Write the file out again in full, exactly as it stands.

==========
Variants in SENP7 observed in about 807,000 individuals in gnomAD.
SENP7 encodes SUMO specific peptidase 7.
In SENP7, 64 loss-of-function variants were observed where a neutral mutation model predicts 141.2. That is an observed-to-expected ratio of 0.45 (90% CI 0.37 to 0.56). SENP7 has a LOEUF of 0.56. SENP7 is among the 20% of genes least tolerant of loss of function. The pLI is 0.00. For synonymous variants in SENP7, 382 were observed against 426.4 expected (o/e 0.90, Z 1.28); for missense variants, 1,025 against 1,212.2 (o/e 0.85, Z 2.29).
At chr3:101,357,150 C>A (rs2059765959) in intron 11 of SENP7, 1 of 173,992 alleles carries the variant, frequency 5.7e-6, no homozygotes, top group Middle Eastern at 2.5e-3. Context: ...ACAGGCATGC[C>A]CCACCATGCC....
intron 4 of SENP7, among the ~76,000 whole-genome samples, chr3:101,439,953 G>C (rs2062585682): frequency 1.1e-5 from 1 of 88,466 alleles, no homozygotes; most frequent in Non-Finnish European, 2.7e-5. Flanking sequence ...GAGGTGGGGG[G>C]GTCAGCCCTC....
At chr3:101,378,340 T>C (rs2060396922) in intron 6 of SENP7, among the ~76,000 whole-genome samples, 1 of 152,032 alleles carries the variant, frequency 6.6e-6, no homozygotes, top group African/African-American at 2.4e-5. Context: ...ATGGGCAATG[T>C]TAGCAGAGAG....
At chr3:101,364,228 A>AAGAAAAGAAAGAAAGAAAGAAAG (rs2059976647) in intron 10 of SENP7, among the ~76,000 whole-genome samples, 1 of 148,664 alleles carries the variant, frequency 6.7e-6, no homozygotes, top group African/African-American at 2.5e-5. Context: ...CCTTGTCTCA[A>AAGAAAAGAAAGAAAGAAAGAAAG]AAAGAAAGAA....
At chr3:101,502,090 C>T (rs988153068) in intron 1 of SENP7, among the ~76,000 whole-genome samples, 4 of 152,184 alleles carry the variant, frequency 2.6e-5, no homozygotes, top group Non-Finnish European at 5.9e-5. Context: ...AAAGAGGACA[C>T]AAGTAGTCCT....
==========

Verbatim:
Variants in SENP7 observed in about 807,000 individuals in gnomAD.
SENP7 encodes SUMO specific peptidase 7.
In SENP7, 64 loss-of-function variants were observed where a neutral mutation model predicts 141.2. That is an observed-to-expected ratio of 0.45 (90% CI 0.37 to 0.56). SENP7 has a LOEUF of 0.56. SENP7 is among the 20% of genes least tolerant of loss of function. The pLI is 0.00. For synonymous variants in SENP7, 382 were observed against 426.4 expected (o/e 0.90, Z 1.28); for missense variants, 1,025 against 1,212.2 (o/e 0.85, Z 2.29).
At chr3:101,357,150 C>A (rs2059765959) in intron 11 of SENP7, 1 of 173,992 alleles carries the variant, frequency 5.7e-6, no homozygotes, top group Middle Eastern at 2.5e-3. Context: ...ACAGGCATGC[C>A]CCACCATGCC....
intron 4 of SENP7, among the ~76,000 whole-genome samples, chr3:101,439,953 G>C (rs2062585682): frequency 1.1e-5 from 1 of 88,466 alleles, no homozygotes; most frequent in Non-Finnish European, 2.7e-5. Flanking sequence ...GAGGTGGGGG[G>C]GTCAGCCCTC....
At chr3:101,378,340 T>C (rs2060396922) in intron 6 of SENP7, among the ~76,000 whole-genome samples, 1 of 152,032 alleles carries the variant, frequency 6.6e-6, no homozygotes, top group African/African-American at 2.4e-5. Context: ...ATGGGCAATG[T>C]TAGCAGAGAG....
At chr3:101,364,228 A>AAGAAAAGAAAGAAAGAAAGAAAG (rs2059976647) in intron 10 of SENP7, among the ~76,000 whole-genome samples, 1 of 148,664 alleles carries the variant, frequency 6.7e-6, no homozygotes, top group African/African-American at 2.5e-5. Context: ...CCTTGTCTCA[A>AAGAAAAGAAAGAAAGAAAGAAAG]AAAGAAAGAA....
At chr3:101,502,090 C>T (rs988153068) in intron 1 of SENP7, among the ~76,000 whole-genome samples, 4 of 152,184 alleles carry the variant, frequency 2.6e-5, no homozygotes, top group Non-Finnish European at 5.9e-5. Context: ...AAAGAGGACA[C>T]AAGTAGTCCT....